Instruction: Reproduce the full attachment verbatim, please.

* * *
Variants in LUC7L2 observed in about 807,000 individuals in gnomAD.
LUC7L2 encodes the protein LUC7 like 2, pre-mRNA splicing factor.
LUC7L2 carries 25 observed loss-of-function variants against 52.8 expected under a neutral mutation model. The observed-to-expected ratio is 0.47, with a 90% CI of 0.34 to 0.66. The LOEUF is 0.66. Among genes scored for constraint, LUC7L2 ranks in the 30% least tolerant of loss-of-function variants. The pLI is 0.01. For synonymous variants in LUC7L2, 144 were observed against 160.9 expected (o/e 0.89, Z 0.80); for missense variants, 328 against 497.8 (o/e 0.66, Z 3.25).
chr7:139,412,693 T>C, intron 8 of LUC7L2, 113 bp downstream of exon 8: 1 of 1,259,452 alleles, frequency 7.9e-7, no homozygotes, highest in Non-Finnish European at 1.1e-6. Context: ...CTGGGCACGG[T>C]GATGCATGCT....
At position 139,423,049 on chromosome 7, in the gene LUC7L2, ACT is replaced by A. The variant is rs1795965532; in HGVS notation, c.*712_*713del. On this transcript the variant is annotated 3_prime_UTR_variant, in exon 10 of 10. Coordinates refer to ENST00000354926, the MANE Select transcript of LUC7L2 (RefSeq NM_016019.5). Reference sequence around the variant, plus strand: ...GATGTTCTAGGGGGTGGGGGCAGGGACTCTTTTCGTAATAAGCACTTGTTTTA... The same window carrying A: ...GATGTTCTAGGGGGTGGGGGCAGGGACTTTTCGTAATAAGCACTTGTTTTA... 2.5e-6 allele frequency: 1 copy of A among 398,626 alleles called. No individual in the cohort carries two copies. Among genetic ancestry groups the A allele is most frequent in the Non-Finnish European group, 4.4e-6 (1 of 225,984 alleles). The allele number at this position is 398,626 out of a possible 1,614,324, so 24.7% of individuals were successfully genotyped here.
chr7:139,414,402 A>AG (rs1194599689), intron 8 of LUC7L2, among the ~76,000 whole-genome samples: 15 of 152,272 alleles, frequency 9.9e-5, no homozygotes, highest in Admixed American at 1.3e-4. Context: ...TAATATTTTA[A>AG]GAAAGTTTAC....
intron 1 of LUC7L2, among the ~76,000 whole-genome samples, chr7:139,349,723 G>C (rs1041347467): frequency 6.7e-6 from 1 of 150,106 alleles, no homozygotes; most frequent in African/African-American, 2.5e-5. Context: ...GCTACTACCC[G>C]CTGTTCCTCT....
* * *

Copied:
Variants in LUC7L2 observed in about 807,000 individuals in gnomAD.
LUC7L2 encodes the protein LUC7 like 2, pre-mRNA splicing factor.
LUC7L2 carries 25 observed loss-of-function variants against 52.8 expected under a neutral mutation model. The observed-to-expected ratio is 0.47, with a 90% CI of 0.34 to 0.66. The LOEUF is 0.66. Among genes scored for constraint, LUC7L2 ranks in the 30% least tolerant of loss-of-function variants. The pLI is 0.01. For synonymous variants in LUC7L2, 144 were observed against 160.9 expected (o/e 0.89, Z 0.80); for missense variants, 328 against 497.8 (o/e 0.66, Z 3.25).
chr7:139,412,693 T>C, intron 8 of LUC7L2, 113 bp downstream of exon 8: 1 of 1,259,452 alleles, frequency 7.9e-7, no homozygotes, highest in Non-Finnish European at 1.1e-6. Context: ...CTGGGCACGG[T>C]GATGCATGCT....
At position 139,423,049 on chromosome 7, in the gene LUC7L2, ACT is replaced by A. The variant is rs1795965532; in HGVS notation, c.*712_*713del. On this transcript the variant is annotated 3_prime_UTR_variant, in exon 10 of 10. Coordinates refer to ENST00000354926, the MANE Select transcript of LUC7L2 (RefSeq NM_016019.5). Reference sequence around the variant, plus strand: ...GATGTTCTAGGGGGTGGGGGCAGGGACTCTTTTCGTAATAAGCACTTGTTTTA... The same window carrying A: ...GATGTTCTAGGGGGTGGGGGCAGGGACTTTTCGTAATAAGCACTTGTTTTA... 2.5e-6 allele frequency: 1 copy of A among 398,626 alleles called. No individual in the cohort carries two copies. Among genetic ancestry groups the A allele is most frequent in the Non-Finnish European group, 4.4e-6 (1 of 225,984 alleles). The allele number at this position is 398,626 out of a possible 1,614,324, so 24.7% of individuals were successfully genotyped here.
chr7:139,414,402 A>AG (rs1194599689), intron 8 of LUC7L2, among the ~76,000 whole-genome samples: 15 of 152,272 alleles, frequency 9.9e-5, no homozygotes, highest in Admixed American at 1.3e-4. Context: ...TAATATTTTA[A>AG]GAAAGTTTAC....
intron 1 of LUC7L2, among the ~76,000 whole-genome samples, chr7:139,349,723 G>C (rs1041347467): frequency 6.7e-6 from 1 of 150,106 alleles, no homozygotes; most frequent in African/African-American, 2.5e-5. Context: ...GCTACTACCC[G>C]CTGTTCCTCT....